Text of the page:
A massive radio telescope, the powerful Green Bank Telescope at the very cutting edge of radio astronomy technology in rural West Virginia has begun listening for signs of alien life on 86 possible Earth-like planets, US astronomers said Friday. Selected from a list of 1,235 possible planets in the Kepler mission star field shown above -- the effort will gather 24 hours of data on each one. The mission is part of the SETI project, which stands for Search for Extra Terrestrial Intelligence, launched in the mid 1980s. The 17 million pound (7.7 million kilogram) telescope became operational in 2000 and is a project of the NSF's National Radio Astronomy Observatory.
Last month the SETI Institute announced it was shuttering a major part of its efforts -- a 50 million dollar project with 42 telescope dishes known as the Allen Telescope Array (ATA) -- due to a five million dollar budget shortfall.
ATA began in 2007 and was operated in partnership by the UC Berkeley Radio Astronomy Lab, which has hosted several generations of such experiments. It was funded by the SETI Institute and the National Science Foundation (NSF).
With ATA's dishes on hold, astronomers hope a previous incarnation of which was felled in a windstorm in 1988, will provide targeted information about potential life-supporting planets.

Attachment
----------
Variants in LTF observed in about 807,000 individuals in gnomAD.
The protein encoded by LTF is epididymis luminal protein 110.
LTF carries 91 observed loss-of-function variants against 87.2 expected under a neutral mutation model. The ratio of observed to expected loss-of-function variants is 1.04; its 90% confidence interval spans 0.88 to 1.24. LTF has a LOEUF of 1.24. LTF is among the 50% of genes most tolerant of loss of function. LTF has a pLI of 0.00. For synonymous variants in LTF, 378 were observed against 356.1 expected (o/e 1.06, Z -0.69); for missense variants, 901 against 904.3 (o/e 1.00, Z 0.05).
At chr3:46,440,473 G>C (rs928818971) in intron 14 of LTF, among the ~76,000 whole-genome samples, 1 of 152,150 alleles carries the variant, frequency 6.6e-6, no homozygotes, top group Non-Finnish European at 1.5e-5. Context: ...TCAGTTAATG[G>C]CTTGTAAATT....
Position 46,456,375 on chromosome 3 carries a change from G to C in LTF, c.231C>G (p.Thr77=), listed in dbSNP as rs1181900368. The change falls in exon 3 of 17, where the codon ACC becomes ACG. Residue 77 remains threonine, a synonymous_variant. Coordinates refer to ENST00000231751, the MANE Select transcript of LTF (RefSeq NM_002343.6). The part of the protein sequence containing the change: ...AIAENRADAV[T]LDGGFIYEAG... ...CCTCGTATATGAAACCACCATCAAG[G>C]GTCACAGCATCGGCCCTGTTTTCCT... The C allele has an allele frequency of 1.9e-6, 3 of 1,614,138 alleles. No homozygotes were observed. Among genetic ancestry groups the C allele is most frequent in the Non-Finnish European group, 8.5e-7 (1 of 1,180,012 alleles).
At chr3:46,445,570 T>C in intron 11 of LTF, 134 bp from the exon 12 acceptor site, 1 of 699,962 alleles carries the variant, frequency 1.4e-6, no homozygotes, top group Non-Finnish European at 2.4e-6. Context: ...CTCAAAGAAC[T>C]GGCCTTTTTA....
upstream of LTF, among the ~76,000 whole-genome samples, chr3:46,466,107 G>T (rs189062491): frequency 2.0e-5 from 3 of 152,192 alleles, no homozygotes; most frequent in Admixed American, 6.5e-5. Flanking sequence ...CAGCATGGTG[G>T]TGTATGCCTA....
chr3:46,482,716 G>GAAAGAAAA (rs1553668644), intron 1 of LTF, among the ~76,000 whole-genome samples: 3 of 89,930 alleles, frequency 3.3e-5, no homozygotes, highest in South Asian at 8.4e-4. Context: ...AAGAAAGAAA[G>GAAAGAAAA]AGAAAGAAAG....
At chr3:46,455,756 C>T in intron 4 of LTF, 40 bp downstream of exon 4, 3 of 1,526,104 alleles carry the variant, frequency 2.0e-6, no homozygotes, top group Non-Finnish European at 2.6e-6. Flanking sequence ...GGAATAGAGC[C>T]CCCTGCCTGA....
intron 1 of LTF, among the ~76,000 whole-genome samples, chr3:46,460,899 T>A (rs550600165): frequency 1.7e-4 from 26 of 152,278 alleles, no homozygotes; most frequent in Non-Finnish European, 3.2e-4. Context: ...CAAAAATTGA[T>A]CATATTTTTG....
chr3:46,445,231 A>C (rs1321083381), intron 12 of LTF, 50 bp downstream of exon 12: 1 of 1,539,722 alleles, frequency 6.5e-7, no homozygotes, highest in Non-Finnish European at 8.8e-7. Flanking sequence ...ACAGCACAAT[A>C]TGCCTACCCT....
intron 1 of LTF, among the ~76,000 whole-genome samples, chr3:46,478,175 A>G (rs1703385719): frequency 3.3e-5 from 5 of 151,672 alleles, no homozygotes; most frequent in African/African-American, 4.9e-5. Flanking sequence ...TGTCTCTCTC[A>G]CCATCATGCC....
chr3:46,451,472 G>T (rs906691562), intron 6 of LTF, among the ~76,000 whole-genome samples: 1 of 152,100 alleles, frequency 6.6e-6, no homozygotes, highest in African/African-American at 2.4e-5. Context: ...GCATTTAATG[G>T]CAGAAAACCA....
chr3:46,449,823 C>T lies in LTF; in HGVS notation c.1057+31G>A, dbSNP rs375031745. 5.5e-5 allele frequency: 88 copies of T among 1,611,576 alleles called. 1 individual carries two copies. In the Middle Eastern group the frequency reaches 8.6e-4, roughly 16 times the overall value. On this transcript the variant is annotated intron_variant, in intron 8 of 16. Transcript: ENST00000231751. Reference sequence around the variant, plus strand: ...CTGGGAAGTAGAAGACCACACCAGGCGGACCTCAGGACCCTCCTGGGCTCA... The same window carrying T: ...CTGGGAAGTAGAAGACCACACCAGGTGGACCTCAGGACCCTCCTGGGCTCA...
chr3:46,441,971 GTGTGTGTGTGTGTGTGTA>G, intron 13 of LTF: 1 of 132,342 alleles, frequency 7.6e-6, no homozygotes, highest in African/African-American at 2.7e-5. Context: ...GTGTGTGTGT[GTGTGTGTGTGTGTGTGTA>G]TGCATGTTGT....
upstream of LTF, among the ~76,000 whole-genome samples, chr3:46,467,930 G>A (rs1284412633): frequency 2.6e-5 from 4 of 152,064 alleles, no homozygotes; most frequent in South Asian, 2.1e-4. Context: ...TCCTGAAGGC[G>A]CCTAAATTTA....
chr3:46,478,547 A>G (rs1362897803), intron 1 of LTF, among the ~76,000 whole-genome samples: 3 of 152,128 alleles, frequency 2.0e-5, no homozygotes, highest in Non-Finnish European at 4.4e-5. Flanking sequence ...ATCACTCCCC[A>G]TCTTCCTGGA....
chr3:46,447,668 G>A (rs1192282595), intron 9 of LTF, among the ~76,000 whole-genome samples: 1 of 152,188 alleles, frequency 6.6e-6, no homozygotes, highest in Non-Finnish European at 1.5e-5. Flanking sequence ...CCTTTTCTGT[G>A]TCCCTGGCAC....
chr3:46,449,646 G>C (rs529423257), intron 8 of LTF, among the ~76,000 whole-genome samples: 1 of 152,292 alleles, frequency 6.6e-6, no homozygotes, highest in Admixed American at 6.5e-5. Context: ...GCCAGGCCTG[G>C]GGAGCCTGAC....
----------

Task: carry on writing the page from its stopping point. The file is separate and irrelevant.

"We've picked out the planets with nice temperatures -- between zero and 100 degrees Celsius -- because they are a lot more likely to harbor life," said physicist Dan Werthimer, who heads a three-decade long SETI project in Puerto Rico, home of the world's largest radio telescope, Arecibo. However that project could not observe the same area of the northern sky as the Green Bank telescope, he said.
"With Arecibo, we focus on stars like our Sun, hoping that they have planets around them that emit intelligent signals," Werthimer said in a statement. "But we've never had a list of planets like this before."
The Green Bank Telescope can scan 300 times the range of frequencies that Arecibo could, meaning that it can collect the same amount of data in one day that Arecibo could in one year.
The project will likely take about a year to complete, and will be helped by a team of one million at-home astronomers, known as SETI@home users, who will help process the data on personal computers.
The Daily Galaxy via 2011 AFP and National Radio Observatory